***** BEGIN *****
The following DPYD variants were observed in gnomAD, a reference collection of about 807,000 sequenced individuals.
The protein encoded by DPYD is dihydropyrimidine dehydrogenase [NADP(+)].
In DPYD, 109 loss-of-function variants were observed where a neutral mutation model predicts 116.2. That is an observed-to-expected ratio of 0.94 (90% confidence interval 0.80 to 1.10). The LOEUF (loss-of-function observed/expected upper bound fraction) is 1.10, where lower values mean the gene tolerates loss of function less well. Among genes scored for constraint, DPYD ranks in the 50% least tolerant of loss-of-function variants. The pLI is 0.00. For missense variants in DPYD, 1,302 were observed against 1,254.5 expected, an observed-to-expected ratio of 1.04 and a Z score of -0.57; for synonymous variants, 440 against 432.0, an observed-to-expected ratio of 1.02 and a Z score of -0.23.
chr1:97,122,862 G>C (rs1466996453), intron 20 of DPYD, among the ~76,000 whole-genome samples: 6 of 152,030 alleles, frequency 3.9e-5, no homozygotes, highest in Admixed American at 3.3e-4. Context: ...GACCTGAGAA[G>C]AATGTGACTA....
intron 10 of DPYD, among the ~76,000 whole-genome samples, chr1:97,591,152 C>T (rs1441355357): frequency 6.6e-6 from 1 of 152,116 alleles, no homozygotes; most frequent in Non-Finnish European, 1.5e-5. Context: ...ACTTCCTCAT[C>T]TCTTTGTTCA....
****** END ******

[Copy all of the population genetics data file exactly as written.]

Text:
The following DPYD variants were observed in gnomAD, a reference collection of about 807,000 sequenced individuals.
The protein encoded by DPYD is dihydropyrimidine dehydrogenase [NADP(+)].
In DPYD, 109 loss-of-function variants were observed where a neutral mutation model predicts 116.2. That is an observed-to-expected ratio of 0.94 (90% confidence interval 0.80 to 1.10). The LOEUF (loss-of-function observed/expected upper bound fraction) is 1.10, where lower values mean the gene tolerates loss of function less well. Among genes scored for constraint, DPYD ranks in the 50% least tolerant of loss-of-function variants. The pLI is 0.00. For missense variants in DPYD, 1,302 were observed against 1,254.5 expected, an observed-to-expected ratio of 1.04 and a Z score of -0.57; for synonymous variants, 440 against 432.0, an observed-to-expected ratio of 1.02 and a Z score of -0.23.
chr1:97,122,862 G>C (rs1466996453), intron 20 of DPYD, among the ~76,000 whole-genome samples: 6 of 152,030 alleles, frequency 3.9e-5, no homozygotes, highest in Admixed American at 3.3e-4. Context: ...GACCTGAGAA[G>C]AATGTGACTA....
intron 10 of DPYD, among the ~76,000 whole-genome samples, chr1:97,591,152 C>T (rs1441355357): frequency 6.6e-6 from 1 of 152,116 alleles, no homozygotes; most frequent in Non-Finnish European, 1.5e-5. Context: ...ACTTCCTCAT[C>T]TCTTTGTTCA....